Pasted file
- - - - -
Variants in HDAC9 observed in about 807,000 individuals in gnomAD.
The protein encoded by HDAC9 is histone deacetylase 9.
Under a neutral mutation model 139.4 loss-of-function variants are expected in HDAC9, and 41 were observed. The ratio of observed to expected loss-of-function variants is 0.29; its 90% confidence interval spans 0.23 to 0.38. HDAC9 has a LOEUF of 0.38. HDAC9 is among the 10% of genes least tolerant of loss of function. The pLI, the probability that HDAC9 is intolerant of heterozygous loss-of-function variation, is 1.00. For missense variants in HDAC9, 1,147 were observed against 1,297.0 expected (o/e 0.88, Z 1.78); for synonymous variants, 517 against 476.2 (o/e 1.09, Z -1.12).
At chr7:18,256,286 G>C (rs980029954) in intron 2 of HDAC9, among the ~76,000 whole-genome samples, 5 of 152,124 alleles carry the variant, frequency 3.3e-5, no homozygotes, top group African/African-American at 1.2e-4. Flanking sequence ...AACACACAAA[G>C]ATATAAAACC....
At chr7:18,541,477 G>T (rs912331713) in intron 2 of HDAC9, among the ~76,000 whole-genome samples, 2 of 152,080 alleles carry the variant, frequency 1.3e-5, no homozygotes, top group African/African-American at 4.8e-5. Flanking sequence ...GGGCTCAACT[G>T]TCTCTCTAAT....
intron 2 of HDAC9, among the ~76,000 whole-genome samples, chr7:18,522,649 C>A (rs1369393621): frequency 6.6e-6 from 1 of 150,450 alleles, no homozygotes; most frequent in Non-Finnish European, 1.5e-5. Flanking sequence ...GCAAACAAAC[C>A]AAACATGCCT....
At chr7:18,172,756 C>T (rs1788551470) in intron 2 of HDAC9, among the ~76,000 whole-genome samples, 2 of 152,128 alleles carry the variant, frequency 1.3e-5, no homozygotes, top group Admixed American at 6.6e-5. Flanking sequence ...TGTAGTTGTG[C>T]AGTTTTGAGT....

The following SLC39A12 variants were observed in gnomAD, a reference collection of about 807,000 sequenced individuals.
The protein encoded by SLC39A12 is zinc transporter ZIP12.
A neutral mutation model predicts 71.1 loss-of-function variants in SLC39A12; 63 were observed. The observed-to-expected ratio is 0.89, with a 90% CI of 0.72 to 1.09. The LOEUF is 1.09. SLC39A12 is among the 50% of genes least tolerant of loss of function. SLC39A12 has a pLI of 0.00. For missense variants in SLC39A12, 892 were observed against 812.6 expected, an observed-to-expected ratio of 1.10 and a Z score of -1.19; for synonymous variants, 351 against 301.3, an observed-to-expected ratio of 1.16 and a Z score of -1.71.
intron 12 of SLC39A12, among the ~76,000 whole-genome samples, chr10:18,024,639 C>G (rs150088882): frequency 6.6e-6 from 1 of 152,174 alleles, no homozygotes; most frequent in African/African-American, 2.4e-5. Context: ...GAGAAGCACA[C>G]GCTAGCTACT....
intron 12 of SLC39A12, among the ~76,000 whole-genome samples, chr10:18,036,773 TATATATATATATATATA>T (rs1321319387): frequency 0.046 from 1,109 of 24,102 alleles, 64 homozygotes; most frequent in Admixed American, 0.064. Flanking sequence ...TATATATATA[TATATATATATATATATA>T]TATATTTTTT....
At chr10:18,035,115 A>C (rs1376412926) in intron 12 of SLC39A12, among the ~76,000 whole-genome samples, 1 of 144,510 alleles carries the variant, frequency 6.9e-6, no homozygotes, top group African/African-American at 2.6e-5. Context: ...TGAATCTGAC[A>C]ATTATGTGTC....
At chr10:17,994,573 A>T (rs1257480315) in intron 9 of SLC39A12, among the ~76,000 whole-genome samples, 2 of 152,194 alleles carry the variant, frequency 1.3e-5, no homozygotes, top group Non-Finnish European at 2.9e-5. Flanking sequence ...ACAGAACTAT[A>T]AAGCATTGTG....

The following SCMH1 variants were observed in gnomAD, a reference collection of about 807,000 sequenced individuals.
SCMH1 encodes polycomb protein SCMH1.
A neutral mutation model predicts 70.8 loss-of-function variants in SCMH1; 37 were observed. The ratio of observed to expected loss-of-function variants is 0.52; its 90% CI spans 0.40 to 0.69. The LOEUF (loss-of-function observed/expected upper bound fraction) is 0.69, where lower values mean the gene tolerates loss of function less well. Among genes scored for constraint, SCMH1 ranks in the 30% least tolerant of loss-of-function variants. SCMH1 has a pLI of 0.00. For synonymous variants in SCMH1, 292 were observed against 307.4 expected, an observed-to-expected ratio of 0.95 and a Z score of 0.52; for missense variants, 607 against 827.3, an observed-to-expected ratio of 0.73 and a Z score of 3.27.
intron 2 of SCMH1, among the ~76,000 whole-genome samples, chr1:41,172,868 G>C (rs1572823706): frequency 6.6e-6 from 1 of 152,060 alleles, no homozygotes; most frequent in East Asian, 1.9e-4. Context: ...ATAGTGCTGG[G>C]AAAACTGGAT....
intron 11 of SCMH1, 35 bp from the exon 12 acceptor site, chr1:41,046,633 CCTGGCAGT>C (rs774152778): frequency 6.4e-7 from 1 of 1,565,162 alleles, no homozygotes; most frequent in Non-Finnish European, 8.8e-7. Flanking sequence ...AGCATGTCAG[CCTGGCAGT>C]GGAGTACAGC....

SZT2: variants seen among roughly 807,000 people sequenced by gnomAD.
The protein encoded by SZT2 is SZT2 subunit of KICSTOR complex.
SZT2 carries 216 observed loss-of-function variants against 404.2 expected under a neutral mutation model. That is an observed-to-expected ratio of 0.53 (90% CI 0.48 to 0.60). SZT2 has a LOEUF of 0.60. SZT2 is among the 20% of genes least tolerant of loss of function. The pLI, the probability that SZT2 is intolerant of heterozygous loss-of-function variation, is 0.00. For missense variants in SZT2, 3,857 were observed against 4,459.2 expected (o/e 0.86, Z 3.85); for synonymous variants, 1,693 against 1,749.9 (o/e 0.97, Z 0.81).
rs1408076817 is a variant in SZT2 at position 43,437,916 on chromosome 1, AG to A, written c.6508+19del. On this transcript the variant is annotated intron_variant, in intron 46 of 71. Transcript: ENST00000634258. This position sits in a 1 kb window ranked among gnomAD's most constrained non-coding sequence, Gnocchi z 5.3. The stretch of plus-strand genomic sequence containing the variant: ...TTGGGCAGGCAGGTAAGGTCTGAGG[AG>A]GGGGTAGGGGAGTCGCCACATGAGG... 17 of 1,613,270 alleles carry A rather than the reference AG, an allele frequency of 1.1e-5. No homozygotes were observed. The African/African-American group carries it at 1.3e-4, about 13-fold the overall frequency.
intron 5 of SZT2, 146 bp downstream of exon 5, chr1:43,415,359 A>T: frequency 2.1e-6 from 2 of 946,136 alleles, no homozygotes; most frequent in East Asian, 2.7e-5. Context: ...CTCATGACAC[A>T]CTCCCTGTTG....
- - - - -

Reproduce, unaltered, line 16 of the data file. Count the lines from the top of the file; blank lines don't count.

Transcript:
SCMH1 encodes polycomb protein SCMH1.